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A few simple screening questions could be added to inmate assessment forms to help prevent self-harm incidents at the South West Detention Center, the inquest into the death of Delilah Blair heard from a veteran forensic psychiatrist Thursday.

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Dr. William Komer, who first started working at the former Windsor Jail in 2006 and still works frequently at the South West Detention Center, testified he had performed a psychiatric assessment of Blair in April 2017 to determine her fitness to stand trial and later treated her as a psychiatrist at the detention center.

Delilah Blair, a Cree mother of four, was 30 when she was found unresponsive in her cell at the South West Detention Center on May 21, 2017 with a ligature around her neck. The inquest into her death de ella, held at the Holiday Inn in Windsor, will answer how she died, and a jury is also expected to make recommendations to prevent similar deaths in the future.

Komer testified that he completed a fitness for trial assessment of Blair and wrote in an April 23, 2017 report that Blair was experiencing mental health challenges and recommended further observation. Komer also worked with Blair on her medications to make changes in her medication.

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On a subsequent court date Blair’s condition had improved and she was fit, according to a court transcript, and at that point she was eager to be sentenced, the jury heard.

Blair had previously entered a guilty plea to a charge of robbery and was awaiting sentencing at the time of her death.

As a psychiatrist for more than 30 years, Komer offered some changes to admission screening forms he said could help build relationships and trust between people in custody and those responsible for their care.

Including a question on the inmate screening form asking not only whether someone had thoughts of suicide, but whether they would tell a health-care provider if they developed those thoughts.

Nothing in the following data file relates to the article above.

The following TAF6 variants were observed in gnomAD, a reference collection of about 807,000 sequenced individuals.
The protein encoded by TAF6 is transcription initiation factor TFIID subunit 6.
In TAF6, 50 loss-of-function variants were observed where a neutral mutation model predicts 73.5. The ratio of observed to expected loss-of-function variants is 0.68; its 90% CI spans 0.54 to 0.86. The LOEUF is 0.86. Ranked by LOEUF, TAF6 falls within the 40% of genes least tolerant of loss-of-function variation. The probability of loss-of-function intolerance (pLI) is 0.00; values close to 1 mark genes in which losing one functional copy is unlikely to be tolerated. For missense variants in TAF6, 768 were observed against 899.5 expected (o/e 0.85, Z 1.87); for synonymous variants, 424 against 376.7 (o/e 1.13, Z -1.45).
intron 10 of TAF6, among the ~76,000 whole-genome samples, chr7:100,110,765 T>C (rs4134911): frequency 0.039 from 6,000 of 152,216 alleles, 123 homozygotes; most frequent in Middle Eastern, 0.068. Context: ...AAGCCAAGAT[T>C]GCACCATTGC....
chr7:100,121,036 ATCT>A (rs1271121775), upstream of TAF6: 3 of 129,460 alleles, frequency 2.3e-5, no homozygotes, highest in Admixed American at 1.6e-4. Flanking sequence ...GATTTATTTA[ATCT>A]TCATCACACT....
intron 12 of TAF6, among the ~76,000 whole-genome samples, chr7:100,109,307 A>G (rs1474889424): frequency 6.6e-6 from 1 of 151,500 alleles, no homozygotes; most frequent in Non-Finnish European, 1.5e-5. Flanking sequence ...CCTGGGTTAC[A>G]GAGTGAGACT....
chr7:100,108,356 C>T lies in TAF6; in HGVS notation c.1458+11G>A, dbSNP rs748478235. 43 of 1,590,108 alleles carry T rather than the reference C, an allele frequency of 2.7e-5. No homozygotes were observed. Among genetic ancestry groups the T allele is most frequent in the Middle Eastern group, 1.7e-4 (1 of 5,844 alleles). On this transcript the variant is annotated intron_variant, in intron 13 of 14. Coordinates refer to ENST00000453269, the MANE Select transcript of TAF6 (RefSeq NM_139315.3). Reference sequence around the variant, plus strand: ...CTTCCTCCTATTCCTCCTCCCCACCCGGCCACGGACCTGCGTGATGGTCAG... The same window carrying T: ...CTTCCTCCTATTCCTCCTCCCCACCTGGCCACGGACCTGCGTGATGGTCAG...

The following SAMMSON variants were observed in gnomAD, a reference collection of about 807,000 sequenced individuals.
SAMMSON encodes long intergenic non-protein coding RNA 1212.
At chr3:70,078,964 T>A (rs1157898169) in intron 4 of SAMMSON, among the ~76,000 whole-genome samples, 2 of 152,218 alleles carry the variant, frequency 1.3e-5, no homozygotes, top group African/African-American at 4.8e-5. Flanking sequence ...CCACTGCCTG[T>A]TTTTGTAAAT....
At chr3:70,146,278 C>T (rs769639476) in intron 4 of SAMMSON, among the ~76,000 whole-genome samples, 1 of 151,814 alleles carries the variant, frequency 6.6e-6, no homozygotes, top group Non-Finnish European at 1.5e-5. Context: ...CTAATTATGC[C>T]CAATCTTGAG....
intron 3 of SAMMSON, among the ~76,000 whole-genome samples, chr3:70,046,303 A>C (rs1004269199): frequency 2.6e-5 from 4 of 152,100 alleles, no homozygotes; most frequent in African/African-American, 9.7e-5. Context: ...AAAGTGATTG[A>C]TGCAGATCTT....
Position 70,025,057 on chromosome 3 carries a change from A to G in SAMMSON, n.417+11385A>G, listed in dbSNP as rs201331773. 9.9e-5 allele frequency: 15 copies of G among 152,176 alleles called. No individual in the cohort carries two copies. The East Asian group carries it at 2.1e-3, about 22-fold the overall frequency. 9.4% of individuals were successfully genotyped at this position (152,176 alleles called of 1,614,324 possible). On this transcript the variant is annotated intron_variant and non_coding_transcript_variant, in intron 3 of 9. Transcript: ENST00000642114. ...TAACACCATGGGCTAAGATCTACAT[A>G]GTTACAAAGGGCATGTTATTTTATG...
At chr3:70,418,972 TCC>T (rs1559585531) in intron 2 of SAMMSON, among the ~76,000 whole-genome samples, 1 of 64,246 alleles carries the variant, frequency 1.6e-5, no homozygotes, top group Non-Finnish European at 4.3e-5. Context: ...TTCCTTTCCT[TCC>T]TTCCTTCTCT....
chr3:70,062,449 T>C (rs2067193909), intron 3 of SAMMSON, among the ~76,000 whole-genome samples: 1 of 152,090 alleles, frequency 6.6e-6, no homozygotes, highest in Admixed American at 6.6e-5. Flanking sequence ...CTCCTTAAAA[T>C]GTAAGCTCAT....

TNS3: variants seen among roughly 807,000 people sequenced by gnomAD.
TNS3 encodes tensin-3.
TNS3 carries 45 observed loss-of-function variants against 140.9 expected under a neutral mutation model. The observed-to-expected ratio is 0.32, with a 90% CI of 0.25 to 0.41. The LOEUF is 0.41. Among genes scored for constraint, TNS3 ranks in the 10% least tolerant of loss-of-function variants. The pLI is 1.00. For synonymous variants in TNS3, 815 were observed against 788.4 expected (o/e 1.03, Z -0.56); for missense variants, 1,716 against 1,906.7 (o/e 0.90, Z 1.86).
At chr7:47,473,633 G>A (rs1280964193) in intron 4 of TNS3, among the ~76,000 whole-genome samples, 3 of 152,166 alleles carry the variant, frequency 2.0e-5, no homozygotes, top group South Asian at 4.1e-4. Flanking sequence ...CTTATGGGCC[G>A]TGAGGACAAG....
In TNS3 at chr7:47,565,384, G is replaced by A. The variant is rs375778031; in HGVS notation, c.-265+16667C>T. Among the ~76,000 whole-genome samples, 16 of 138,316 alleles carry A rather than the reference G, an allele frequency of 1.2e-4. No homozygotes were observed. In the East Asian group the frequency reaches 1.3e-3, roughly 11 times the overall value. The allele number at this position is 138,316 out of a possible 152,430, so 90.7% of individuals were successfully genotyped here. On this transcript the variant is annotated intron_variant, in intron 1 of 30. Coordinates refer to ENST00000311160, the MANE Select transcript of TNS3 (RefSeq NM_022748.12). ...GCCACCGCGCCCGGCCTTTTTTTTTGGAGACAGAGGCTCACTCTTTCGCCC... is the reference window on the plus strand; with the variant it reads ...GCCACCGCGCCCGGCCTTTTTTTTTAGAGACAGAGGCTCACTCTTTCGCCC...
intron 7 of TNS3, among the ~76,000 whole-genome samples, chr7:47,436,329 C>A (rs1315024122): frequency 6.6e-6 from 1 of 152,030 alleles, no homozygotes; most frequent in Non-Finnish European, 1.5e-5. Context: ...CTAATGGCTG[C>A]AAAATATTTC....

He also suggested telling inmates they would consistently be asked about whether they had thoughts of self harm, in order to build trust and make it clear there is help available. Asked if this could help prevent deaths, Komer said he believed it could.

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He also suggested more communication, subject to privacy concerns, between the courts and jails — for instance, if an individual with mental health issues had a high-stress court appearance, communicating that information to correctional officers after court could help prevent problems.

The goal is to “empower” people in custody to tell someone if their mental health takes a turn, Komer said. I have added that suicide often happens without warning, and people can initially seem to be “better,” or calm, beforehand.

Komer also suggested a study of the in-custody population at the South West Detention Center on the prevalence of self-harm thoughts and whether they would or had ever told a staff member.

The jury also heard from correctional officer Denis Dupuis, one of two officers staffing Blair’s unit the night she died.

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Dupuis testified to a conversation he had with Blair early in the night about the television remote, and said that while originally “belligerent,” she calmed and seemed “content” after the remote was returned. Video evidence showed her dancing, later skipping, eventually pacing the unit’s day room.

Dupuis’ notes from that night, presented to the jury, also reflect that he had a conversation with Blair when she was concerned she wasn’t going to get her medication, or the “proper” medication, Dupuis wrote. He said in testimony that concern wasn’t uncommon among inmates, and medication was usually dispensed around 8:30 pm Blair was found unresponsive at 8 pm

Another witness, Dr. Ryan Carlini, is the general physician at the South West Detention Center, and testified to health care-related practices at the detention center.

The five-member jury was reduced to four members Thursday as one member, who had been acting as the jury foreperson, was released from their duties.

The inquiry is expected to continue Friday and next week.

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